Audible, the Amazon-owned company that built its business selling audiobooks, is now officially moving into podcast-like shorts with a beta of Audible Channels.
Podcasts have been on the rise in recent years, with Serial, a spinout from This American Life, capturing the Reddit zeitgeist and getting plenty of people into audio storytelling for the first time. Now, Audible is trying to become the Netflix of podcasting, with original content and news from some of the nation’s top sources.
Channels are a new section currently being beta tested by select users, with news and comedy audio shorts, along with book excerpts and short stories, all ad-free. The content is analogous to podcasts, but you won’t be finding This American Life or Comedy Bang! Bang! here.
Instead, it’s lots of original content like Hold On with comedian Eugene Mirman, and guided meditation recordings, along with professional readings of articles from the Washington Post (owned by Amazon CEO Jeff Bezos), the New York Times and Scientific American. There are also short stories and excerpts, collected into Channels of their own based on subject or author.
Channels do have some shows that can be heard elsewhere, like Marketplace and Smithsonian Magazine’s The Future is Here, but for the most part, this content is only in Audible. And that means it’s only available to Audible subscribers, who pay $14.95 per month for the audiobook service. However, an Audible spokesperson said the distribution model may shift after gaining insights from the beta period.
That puts Audible Channels in the same category as House of Cards or Game of Thrones, locked behind paywalls as premium content. And, according to an Audible spokesperson, the selection of original content is set to grow quickly, with new content being added throughout the beta period.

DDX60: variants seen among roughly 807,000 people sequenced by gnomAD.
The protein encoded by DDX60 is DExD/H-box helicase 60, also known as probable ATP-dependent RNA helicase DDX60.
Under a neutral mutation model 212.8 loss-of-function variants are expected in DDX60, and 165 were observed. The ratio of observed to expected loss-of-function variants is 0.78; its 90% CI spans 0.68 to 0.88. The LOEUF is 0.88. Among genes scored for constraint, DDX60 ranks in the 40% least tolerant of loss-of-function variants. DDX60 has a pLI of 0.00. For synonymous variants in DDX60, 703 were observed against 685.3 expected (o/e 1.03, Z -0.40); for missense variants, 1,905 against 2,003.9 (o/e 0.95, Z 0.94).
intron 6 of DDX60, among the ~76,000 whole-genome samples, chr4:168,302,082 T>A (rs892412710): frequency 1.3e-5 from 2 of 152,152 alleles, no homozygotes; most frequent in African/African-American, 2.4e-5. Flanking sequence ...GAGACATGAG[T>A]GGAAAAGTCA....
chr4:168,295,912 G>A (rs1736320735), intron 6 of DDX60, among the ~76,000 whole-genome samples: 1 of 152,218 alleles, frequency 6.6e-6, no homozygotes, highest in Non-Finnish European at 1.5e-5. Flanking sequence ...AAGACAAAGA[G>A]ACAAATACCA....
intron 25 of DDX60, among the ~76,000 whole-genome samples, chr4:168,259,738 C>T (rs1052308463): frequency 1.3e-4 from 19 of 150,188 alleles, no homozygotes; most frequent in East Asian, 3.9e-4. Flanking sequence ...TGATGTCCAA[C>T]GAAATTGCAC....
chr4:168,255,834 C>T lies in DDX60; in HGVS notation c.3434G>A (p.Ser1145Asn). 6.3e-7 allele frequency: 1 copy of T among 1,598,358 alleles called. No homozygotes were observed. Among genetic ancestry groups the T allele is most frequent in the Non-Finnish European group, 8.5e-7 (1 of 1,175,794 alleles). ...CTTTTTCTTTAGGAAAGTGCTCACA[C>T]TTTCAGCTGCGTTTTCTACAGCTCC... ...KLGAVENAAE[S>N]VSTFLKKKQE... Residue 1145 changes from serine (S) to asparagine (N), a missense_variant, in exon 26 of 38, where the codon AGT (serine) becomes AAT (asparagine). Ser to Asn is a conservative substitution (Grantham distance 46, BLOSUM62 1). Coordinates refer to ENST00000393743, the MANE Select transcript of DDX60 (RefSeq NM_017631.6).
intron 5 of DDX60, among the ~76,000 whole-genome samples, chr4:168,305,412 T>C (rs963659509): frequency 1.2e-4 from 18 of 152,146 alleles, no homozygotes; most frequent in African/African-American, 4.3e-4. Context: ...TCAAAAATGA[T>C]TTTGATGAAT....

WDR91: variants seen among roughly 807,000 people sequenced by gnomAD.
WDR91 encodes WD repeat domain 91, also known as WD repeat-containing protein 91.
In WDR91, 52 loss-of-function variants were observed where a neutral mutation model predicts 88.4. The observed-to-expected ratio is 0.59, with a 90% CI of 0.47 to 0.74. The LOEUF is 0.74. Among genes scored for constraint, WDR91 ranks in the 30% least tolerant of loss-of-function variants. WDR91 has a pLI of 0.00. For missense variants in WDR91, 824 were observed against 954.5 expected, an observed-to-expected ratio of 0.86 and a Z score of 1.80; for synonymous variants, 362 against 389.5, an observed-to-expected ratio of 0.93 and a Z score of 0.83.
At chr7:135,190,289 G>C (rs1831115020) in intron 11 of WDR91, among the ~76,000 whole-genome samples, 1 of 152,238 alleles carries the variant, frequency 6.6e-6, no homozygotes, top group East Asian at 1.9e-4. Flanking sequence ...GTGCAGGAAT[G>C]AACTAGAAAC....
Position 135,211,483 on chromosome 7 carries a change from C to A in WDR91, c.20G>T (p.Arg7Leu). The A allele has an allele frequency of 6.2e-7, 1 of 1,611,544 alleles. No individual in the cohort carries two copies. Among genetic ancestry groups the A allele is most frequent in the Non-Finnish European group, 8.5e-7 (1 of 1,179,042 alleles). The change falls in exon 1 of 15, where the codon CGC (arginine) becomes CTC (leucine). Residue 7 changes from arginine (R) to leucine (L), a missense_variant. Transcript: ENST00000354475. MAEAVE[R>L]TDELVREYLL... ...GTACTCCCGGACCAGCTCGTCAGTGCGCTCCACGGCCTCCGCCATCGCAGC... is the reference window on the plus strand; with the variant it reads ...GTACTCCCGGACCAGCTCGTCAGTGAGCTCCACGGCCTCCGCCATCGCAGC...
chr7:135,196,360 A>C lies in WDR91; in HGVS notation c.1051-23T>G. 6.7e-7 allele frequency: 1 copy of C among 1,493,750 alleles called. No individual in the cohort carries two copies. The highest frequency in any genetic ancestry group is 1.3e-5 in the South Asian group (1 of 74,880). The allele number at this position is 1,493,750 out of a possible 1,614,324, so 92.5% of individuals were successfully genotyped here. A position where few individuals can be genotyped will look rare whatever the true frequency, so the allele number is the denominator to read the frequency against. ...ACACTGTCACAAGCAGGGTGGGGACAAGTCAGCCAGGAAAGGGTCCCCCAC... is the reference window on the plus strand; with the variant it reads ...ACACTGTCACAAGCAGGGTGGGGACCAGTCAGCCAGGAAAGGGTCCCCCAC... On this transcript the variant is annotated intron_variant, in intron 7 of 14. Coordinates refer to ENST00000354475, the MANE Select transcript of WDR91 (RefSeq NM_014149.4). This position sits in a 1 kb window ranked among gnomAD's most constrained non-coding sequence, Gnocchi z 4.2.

The move is a stark shift from the open podcast environment, which let anyone download podcasts to the player of their choosing via open RSS feeds. Audible, along with a few other podcasting players like Earwolf and Gimlet, are putting content behind paywalls to monetize shows with something besides traditional advertising.
“The potential impact of Audible’s move into short-form audio, particularly news, is obvious. Amazon is a giant company. Audible has a large and established base of paying subscribers,” writes Shan Wang of NiemanLab. “… It’s easy to see how The Washington Post could, with a little investment, be turned into an engine of audio news.”
Audible’s new audio ambitions were first hinted at back in May, when the company hired NPR’s former vice president of programing, Eric Nuzum. He’s heading the original content team for Audible, and is likely behind the new shows.
The most interesting Channels are the articles read aloud. Each story is professionally recorded as it’s read pretty much verbatim. For those used to standard stories written for radio, the reading of the written articles can be a little strange at first, but it does serve as a way to catch up on some news.
However, original content will likely make or break Audible Channels. With podcasts available for free on pretty much any subject you can think of and through a variety of custom applications, reading news articles won’t entice users to pay for the service. However, if Audible can land a Serial-style hit, users may sign up for the service in droves, leading them to more original content and getting them to stay on as paying subscribers.